ICC

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13 April 2011 by Richard Walke

With the arrest of former President Laurent Gbagbo on Monday Ivory Coast is now at a turning point in its modern history. But whether the country’s bitter opposing factions can find peace will depend to some extent on what happens next to its stubborn former leader. Ivory Coast has been under the ICC’s radar since 2005 – the question now is whether Gbagbo will face prosecution by the court. IJT spoke to Stephen Ellis, a leading historian on Africa at the Leiden African Studies Centre in the Netherlands.

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30 March 2011 by Franck Petit

“We want the people responsible for the genocide found and punished”, declared French President Nicolas Sarkozy on 25 February 2010 in Kigali, Rwanda. The stakes were high. The visit marked the resumption of diplomatic relations between France and Rwanda, three years after allegations against President Paul Kagamé by the French inquiry into the 1994 attack on the then Rwandan President Juvénal Habyarimana. The visit was also the first by a French head of state since the genocide.

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27 April 2011 by Geraldine Coughlan

The International Center for Transitional Justice (ICTJ) is celebrating its 10th anniversary.
Created in 2001, the ICTJ works to redress and prevent the most severe violations of human rights by confronting legacies of mass abuse.

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30 March 2011 by Geraldine Coughlan

The United States is lending increasing support to international tribunals, including the International Crimes Tribunal established by Bangladesh. While visiting courts in Europe, the US Ambassador-at-large for War Crimes Issues, Stephen Rapp, stopped off in The Hague and spoke to IJT.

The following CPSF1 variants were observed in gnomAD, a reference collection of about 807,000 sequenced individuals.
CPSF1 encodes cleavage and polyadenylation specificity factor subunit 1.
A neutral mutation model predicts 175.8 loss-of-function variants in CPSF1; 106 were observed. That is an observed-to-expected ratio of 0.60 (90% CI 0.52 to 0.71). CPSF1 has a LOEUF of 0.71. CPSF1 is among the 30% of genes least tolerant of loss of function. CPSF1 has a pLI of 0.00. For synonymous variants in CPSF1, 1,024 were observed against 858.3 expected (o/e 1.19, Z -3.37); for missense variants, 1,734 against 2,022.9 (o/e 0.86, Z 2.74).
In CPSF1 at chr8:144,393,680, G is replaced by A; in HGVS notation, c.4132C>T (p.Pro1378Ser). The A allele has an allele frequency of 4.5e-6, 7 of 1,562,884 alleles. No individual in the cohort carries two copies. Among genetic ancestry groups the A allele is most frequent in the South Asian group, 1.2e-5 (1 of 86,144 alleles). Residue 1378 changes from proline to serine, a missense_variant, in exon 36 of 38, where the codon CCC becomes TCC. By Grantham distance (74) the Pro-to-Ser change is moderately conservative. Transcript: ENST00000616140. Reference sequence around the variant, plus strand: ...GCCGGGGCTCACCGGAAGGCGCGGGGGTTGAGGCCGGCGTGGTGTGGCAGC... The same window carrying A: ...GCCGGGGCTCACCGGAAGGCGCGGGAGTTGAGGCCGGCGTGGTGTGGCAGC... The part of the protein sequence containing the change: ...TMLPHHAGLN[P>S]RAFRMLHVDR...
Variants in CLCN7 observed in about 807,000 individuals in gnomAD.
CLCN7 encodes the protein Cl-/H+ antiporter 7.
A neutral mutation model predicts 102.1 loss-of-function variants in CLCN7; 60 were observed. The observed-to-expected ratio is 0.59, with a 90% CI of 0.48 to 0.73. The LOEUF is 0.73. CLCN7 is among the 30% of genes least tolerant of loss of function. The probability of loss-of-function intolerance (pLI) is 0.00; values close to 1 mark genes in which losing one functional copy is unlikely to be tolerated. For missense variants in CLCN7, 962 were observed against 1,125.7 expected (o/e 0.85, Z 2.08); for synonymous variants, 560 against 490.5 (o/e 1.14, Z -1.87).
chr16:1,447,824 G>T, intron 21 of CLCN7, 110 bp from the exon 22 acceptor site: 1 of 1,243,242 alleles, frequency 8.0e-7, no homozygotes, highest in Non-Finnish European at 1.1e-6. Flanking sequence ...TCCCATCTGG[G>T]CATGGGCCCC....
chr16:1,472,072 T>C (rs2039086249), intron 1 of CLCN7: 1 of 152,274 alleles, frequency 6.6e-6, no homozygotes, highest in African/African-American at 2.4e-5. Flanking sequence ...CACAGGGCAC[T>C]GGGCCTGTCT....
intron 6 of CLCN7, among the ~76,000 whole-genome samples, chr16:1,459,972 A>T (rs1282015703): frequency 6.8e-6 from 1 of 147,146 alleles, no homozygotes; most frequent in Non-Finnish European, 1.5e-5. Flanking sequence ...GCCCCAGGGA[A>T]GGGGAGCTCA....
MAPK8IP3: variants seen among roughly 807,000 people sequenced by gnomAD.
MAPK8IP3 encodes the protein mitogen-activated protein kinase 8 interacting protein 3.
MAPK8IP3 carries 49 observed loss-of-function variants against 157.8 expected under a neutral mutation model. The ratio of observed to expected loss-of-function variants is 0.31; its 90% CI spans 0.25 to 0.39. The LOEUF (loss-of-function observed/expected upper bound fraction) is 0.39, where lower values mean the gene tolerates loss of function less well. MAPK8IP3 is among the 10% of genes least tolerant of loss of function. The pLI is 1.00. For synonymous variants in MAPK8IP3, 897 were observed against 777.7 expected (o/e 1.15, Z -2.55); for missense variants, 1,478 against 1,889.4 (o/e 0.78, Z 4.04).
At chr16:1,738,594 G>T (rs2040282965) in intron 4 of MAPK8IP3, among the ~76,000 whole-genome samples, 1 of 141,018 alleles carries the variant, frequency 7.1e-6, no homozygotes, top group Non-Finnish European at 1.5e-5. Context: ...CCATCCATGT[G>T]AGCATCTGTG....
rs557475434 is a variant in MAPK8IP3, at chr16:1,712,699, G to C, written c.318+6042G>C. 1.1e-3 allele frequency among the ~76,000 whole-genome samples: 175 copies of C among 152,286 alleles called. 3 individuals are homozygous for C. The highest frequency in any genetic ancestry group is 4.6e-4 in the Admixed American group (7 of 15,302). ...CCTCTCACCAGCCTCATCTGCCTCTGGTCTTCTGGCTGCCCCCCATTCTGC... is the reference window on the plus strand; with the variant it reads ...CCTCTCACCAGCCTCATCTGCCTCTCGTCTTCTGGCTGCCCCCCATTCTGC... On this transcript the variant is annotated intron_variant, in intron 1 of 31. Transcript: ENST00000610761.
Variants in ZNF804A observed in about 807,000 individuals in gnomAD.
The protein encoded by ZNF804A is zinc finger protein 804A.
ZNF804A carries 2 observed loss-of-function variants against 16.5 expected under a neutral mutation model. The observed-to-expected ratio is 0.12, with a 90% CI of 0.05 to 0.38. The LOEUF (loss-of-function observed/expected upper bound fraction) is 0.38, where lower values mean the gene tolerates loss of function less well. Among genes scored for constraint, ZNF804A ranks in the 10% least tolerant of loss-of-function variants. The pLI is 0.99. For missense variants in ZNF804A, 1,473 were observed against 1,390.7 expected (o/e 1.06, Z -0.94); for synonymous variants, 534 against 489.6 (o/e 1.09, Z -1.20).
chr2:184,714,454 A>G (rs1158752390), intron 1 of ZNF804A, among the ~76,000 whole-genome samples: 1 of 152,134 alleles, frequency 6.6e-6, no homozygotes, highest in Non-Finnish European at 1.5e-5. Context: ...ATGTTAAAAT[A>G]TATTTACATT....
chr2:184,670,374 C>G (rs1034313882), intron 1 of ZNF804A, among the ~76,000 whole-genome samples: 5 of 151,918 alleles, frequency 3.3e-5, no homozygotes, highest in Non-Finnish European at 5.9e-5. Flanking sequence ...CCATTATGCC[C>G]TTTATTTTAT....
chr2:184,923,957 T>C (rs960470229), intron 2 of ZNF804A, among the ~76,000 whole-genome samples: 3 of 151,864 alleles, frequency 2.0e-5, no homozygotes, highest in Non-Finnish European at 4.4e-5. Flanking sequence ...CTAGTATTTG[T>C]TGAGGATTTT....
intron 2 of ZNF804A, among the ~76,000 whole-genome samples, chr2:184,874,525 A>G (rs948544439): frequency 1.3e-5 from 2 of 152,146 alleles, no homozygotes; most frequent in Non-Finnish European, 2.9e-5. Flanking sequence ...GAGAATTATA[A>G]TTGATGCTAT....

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31 August 2011 by Thijs Bouwknegt

Did Thomas Lubanga Dyilo systematically recruit children under the age of 15 as soldiers or did prosecutors recruit children to lie so that the former Congolese rebel leader will be convicted? That's the question three judges will deliberate on in the coming months. They will hand down the International Criminal Court’s first judgement.

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05 July 2004 by Thierry Cruvellier

On 23 June, the prosecutor of the International Criminal Court (ICC) Luis Moreno Ocampo announced he was opening his first investigations in the Democratic Republic of Congo (DRC). According to his press release, Ocampo has already been "carefully analysing the situation in DRC" since July 2003. But the new step, which marks the difference between a "preliminary analysis" and the opening of an investigation, is notable for the legal process that could lead to the first trials before the international court, and is highly significant in the current political context.

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06 September 2006 by Emmanuel Chicon and Benjamin Bibas

At the same time as the International Criminal Court (ICC) launches its first investigations in Uganda and Congo, the annual Assembly of States parties will be meeting in The Hague from 6 to 10 September. The legal and political body faces the tough challenge of deciding on the 2005 budget. Since the court is beginning to schedule its first trials, this is a critical task.

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20 September 2004 by Thierry Cruvellier

66.784,200 euros: this was the official budget allocated to the International Criminal Court for 2005 at the close of the Assembly of State Parties held at The Hague from 6 to 10 September. It was a success for those who feared funding cuts. But many participants bitterly lamented the lack of passion that marked the week's meeting.

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20 September 2004 by our correspondent

Human Rights Watch (HRW), in its report published on 8 September, urges the Special Court for Sierra Leone not to limit its prosecution to the thirteen people it has indicted so far (of who only nine are in custody).

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02 February 2011 by Linawati Sidarto

Radio journalist Joshua Arap Sang was the only non-politician among the six Kenyans named by the International Criminal Court in December as the alleged masterminds of the country’s post-election violence. Experts, however, warn against comparisons between Kenya’s Kass FM and Rwanda’s notorious RTLM.

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